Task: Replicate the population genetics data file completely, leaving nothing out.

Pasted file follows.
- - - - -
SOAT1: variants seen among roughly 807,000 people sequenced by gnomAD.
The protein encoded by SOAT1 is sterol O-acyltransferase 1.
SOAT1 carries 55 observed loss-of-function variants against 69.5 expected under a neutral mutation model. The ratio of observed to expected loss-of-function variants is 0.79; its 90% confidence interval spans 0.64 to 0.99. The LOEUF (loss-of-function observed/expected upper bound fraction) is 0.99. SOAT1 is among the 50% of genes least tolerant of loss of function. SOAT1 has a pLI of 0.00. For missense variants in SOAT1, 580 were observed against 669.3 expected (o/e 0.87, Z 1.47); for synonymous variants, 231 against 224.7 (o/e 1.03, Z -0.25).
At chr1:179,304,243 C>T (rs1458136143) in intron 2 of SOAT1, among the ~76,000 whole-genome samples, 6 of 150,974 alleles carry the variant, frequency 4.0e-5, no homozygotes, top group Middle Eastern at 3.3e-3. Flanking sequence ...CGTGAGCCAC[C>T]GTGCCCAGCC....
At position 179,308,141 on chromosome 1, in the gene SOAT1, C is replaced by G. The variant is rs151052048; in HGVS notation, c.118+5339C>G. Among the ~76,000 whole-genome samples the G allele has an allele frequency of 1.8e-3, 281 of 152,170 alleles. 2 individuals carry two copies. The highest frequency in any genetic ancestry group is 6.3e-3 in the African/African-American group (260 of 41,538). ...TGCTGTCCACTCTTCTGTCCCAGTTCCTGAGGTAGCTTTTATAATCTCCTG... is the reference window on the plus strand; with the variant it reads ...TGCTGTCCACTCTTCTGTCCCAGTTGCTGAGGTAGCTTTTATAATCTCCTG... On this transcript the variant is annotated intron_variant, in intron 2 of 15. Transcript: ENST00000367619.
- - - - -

SOAT1: variants seen among roughly 807,000 people sequenced by gnomAD.
The protein encoded by SOAT1 is sterol O-acyltransferase 1.
SOAT1 carries 55 observed loss-of-function variants against 69.5 expected under a neutral mutation model. The ratio of observed to expected loss-of-function variants is 0.79; its 90% confidence interval spans 0.64 to 0.99. The LOEUF (loss-of-function observed/expected upper bound fraction) is 0.99. SOAT1 is among the 50% of genes least tolerant of loss of function. SOAT1 has a pLI of 0.00. For missense variants in SOAT1, 580 were observed against 669.3 expected (o/e 0.87, Z 1.47); for synonymous variants, 231 against 224.7 (o/e 1.03, Z -0.25).
At chr1:179,304,243 C>T (rs1458136143) in intron 2 of SOAT1, among the ~76,000 whole-genome samples, 6 of 150,974 alleles carry the variant, frequency 4.0e-5, no homozygotes, top group Middle Eastern at 3.3e-3. Flanking sequence ...CGTGAGCCAC[C>T]GTGCCCAGCC....
At position 179,308,141 on chromosome 1, in the gene SOAT1, C is replaced by G. The variant is rs151052048; in HGVS notation, c.118+5339C>G. Among the ~76,000 whole-genome samples the G allele has an allele frequency of 1.8e-3, 281 of 152,170 alleles. 2 individuals carry two copies. The highest frequency in any genetic ancestry group is 6.3e-3 in the African/African-American group (260 of 41,538). ...TGCTGTCCACTCTTCTGTCCCAGTTCCTGAGGTAGCTTTTATAATCTCCTG... is the reference window on the plus strand; with the variant it reads ...TGCTGTCCACTCTTCTGTCCCAGTTGCTGAGGTAGCTTTTATAATCTCCTG... On this transcript the variant is annotated intron_variant, in intron 2 of 15. Transcript: ENST00000367619.